Toxic allies often end up unintentionally working together with homophobes. Queer people in Bangladesh deserve genuine allyship. TW/CW: this article contains mentions of queerphobia, homophobia, harassment, abuse, and murder. By Rasel Ahmed Queer Bangladeshi community organizers are witnessing another dangerous surge of homophobic
We really shouldn’t be applauding men for finding their wives attractive while we regularly deride fat women who love themselves without the male gaze.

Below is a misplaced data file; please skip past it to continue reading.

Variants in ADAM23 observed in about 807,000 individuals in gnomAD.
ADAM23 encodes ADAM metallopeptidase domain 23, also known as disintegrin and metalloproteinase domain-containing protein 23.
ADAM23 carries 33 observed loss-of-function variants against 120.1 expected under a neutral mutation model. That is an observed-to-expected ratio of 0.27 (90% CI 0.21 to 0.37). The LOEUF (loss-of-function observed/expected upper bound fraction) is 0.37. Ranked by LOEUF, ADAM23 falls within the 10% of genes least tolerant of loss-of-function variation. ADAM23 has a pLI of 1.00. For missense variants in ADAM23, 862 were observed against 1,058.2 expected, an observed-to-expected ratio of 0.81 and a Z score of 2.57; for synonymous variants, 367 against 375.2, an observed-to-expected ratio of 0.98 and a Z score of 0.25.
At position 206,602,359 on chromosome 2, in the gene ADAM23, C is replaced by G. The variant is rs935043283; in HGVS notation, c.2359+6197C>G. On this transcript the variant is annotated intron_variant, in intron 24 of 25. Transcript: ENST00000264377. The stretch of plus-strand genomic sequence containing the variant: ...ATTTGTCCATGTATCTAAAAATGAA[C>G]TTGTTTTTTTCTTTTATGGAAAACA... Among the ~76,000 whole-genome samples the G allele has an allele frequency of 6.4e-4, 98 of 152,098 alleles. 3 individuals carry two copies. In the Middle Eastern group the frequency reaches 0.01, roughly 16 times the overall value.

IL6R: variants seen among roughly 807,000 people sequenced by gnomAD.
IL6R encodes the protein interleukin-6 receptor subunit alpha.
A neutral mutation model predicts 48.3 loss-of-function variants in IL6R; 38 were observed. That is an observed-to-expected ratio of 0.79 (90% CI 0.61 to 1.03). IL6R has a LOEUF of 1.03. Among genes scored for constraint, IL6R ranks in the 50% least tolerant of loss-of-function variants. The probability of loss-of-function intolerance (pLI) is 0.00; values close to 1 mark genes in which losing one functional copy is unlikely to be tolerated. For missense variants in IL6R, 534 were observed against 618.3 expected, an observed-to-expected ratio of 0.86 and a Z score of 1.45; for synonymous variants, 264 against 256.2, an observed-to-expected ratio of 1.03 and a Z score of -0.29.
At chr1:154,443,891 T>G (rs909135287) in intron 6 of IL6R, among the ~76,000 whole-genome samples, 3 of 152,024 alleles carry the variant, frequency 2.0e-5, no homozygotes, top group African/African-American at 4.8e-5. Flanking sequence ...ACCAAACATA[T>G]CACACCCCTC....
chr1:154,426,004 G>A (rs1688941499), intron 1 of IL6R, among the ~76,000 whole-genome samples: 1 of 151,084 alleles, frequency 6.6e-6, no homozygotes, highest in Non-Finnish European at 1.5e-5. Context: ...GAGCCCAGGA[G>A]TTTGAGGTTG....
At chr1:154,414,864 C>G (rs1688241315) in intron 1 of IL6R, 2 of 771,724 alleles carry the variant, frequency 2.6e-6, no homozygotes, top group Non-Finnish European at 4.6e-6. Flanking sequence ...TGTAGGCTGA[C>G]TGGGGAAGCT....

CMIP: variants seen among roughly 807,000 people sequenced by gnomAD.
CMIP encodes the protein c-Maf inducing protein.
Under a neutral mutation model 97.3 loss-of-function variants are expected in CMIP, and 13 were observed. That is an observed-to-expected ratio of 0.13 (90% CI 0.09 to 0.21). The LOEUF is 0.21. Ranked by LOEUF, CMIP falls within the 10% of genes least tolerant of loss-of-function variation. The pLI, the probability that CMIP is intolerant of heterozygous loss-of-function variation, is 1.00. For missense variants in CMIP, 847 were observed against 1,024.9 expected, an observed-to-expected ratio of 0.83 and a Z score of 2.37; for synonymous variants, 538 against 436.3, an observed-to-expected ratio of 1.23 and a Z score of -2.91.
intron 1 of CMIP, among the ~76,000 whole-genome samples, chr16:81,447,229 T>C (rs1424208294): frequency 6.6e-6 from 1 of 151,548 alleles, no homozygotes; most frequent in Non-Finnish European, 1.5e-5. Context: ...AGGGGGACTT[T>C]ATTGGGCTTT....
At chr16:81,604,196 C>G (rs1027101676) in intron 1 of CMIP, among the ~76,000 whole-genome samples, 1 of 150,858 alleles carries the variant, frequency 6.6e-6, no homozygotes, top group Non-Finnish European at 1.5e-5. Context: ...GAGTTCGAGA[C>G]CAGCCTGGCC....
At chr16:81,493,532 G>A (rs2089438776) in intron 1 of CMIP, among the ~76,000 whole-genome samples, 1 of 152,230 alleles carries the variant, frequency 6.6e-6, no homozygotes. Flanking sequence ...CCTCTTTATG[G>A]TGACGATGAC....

BY TIFFANIE WOODSIt only took 5 minutes for me to hate the newest viral sensation that hit the interwebs last week in the form of Robbie Tripp. If you’ve been plugged into any social media outlet, I’m sure you’ve read an article or seen a picture of Robbie and his wife Sarah, and the nauseating faux body posi Instagram post he published yesterday. In the post, Robbie goes into detail to explain why he loves his wife. That’s nice right? That’s what I thought after reading the headline of Buzzfeed’s article about the couple. But a few lines into the article had my eyes rolling in the back of my head so hard I thought they would stick. A man letting the world know how beautiful he thinks his wife is cute, except that Tripp centers his own experiences with being attracted to thick girls – he centers the bullying he faced when he was a teenager instead of highlighting Sarah’s own experiences with her body. By constantly pointing out and objectifying his wife’s body and humanizing himself, Tripp shows just how little he actually gets feminism. But hey, lets give this man a standing ovation for loving the woman he married because she has some cellulite and isn’t a size two. In theory, this could’ve been a good post. Had Robbie gone in-depth on any of the topics he mentioned; why he was teased for liking plus-size women, why it’s okay to not be a size zero, why today’s beauty standards aren’t realistic and are dangerous. It could’ve been informative to address fatphobia and educate his hundreds of thousands of followers.